MOGADISHU (Reuters) - A Somali clan leader who fought for years to retake a strategic southern port city he once controlled has laid down arms and joined talks, bolstering government efforts to show it can restore order to a chaotic nation.
The fate of the city of Kismayu and the surrounding region of Jubbaland is seen as a test of Mogadishu’s skill in building a federal system of government and pacifying a nation fought over for more than two decades by warlords and Islamist rebels.
Dozens of people were killed in clashes last year when Barre Hirale’s forces battled to regain control of Kismayu from the Ras Kamboni militia loyal to Ahmed Madobe, who had been chosen in May by a regional assembly to preside over Jubbaland.
Hirale and Madobe have for years fought to control the port, which generates valuable revenues from taxes, charcoal exports and levies on arms and other illegal imports.
The African Union force AMISOM, which has been involved in reconciliation efforts, said Hirale and nearly 100 members of his militia gave up their weapons on Saturday after discussions with clan elders and Somali federal government delegations.
AMISOM said Hirale also shook hands with Madobe.
The United Nations, the regional African group IGAD and European Union envoys which have supported Mogadishu in brokering a deal welcomed Hirale’s agreement to join a reconciliation conference due to take place in coming weeks.
“It is an important step forward in the path toward peace- and state-building for all Somalis,” they said in a joint statement on Sunday, when the news about Hirale was announced.
“DEVIL IN THE DETAIL”
Fighting in Kismayu last year raised worries it could re-ignite broader clan warfare across Somalia, where several regions such as Somaliland and Puntland have split away from central government control.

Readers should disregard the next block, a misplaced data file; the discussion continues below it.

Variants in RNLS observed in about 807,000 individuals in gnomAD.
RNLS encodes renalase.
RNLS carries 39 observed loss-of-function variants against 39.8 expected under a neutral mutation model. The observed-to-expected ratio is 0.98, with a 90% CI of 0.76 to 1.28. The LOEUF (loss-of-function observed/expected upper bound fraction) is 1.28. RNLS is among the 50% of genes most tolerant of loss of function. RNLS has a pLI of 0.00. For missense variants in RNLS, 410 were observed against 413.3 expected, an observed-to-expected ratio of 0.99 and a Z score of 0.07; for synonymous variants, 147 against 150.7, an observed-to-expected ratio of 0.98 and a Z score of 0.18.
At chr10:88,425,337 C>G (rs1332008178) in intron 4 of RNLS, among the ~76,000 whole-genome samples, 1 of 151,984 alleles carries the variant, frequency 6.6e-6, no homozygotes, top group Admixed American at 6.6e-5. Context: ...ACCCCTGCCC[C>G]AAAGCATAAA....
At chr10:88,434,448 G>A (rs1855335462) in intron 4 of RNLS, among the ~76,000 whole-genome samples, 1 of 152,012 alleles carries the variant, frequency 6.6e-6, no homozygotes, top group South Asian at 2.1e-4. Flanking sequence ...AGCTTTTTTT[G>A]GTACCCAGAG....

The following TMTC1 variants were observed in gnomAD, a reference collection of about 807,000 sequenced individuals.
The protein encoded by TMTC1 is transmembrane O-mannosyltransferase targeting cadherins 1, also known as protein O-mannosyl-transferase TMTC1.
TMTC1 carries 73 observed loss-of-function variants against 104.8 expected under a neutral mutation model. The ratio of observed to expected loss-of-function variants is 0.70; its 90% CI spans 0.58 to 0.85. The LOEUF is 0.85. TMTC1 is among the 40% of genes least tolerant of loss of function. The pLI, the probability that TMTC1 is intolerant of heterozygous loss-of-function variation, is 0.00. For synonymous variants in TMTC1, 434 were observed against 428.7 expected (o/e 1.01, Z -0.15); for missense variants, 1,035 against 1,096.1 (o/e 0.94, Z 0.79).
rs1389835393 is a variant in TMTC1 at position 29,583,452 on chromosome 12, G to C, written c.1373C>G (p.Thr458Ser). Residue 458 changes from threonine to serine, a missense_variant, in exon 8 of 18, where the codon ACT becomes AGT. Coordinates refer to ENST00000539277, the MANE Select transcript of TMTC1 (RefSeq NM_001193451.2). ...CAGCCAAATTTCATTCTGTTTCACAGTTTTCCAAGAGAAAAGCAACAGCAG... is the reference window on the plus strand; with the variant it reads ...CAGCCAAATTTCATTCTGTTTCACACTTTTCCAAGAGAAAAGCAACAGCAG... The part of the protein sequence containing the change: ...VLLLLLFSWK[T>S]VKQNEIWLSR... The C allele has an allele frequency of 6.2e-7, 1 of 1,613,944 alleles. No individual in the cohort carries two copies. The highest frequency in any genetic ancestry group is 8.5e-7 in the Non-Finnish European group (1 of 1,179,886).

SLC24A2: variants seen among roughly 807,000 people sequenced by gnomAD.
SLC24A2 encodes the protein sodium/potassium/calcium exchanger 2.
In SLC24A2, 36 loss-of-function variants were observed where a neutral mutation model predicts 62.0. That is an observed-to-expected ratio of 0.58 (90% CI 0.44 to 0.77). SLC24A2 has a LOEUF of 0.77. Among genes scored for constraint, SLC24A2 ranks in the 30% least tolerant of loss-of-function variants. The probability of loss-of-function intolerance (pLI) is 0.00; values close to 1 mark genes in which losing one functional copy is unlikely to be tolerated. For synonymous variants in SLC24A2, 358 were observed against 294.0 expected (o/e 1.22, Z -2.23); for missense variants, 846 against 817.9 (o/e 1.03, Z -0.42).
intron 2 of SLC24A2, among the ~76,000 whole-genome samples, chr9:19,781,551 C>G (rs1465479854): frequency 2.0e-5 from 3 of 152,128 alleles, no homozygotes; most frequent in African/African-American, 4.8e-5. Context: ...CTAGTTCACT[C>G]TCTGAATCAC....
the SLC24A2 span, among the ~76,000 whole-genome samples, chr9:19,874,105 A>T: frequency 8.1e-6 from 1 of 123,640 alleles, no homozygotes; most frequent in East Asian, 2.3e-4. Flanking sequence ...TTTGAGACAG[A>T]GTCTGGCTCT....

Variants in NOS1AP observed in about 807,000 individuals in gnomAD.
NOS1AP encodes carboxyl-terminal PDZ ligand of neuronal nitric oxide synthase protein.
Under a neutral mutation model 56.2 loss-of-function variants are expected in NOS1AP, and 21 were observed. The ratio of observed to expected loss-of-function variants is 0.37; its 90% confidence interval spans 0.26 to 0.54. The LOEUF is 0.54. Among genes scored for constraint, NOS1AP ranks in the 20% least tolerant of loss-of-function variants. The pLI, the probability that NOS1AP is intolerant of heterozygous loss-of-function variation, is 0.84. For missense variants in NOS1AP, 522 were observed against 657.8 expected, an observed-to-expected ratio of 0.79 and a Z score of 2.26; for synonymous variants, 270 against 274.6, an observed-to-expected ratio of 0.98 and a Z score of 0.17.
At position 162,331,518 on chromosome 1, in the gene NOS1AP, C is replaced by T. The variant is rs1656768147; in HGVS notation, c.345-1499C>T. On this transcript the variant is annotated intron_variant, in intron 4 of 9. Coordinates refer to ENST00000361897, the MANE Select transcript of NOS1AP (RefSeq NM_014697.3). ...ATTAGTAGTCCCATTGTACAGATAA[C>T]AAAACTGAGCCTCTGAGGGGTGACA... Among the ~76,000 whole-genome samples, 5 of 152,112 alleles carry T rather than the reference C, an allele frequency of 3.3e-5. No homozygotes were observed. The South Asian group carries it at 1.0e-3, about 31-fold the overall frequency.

Analysts say breakaway regions may be reassured if the government can show skill in ending the battle for Kismayu and reaching a power-sharing deal to integrate the Jubbaland region into a federal structure.
“While this is significant and important, and certainly a step in the right direction, the devil is in the detail,” said Abdi Aynte, director of the Mogadishu-based Heritage Institute for Policy Studies. “There are many potential roadblocks that could eventually see this progress stall.”
Some of Kismayu’s residents, worn down by years of fighting, were also cautious. Several said many more of Hirale’s militia were still hiding in the countryside and could regroup.
“Why did he leave hundreds of his forces and weapons in the forests?” said local elder, Aden Ahmed. “Now it is too early to say if the so-called surrender will improve or worsen the political situation,” he told Reuters by telephone from Kismayu.
Hirale ruled Kismayu in the 1990s and into the 2000s until he was unseated by Madobe, who was at the time aligned to the Islamic Courts Union, which ruled Somalia until 2006.
The Islamist militant group al Shabaab then ruled the southern region of Somalia until 2011, when the movement was thrown out of Mogadishu by African troops. It has continued to launch attacks on the capital and elsewhere since then.
Al Shabaab militants attacked a national-intelligence site in Mogadishu on Sunday, an assault that left 12 people dead, including seven of the attackers.
Writing and additional reporting by Edmund Blair; Editing by Andrew Heavens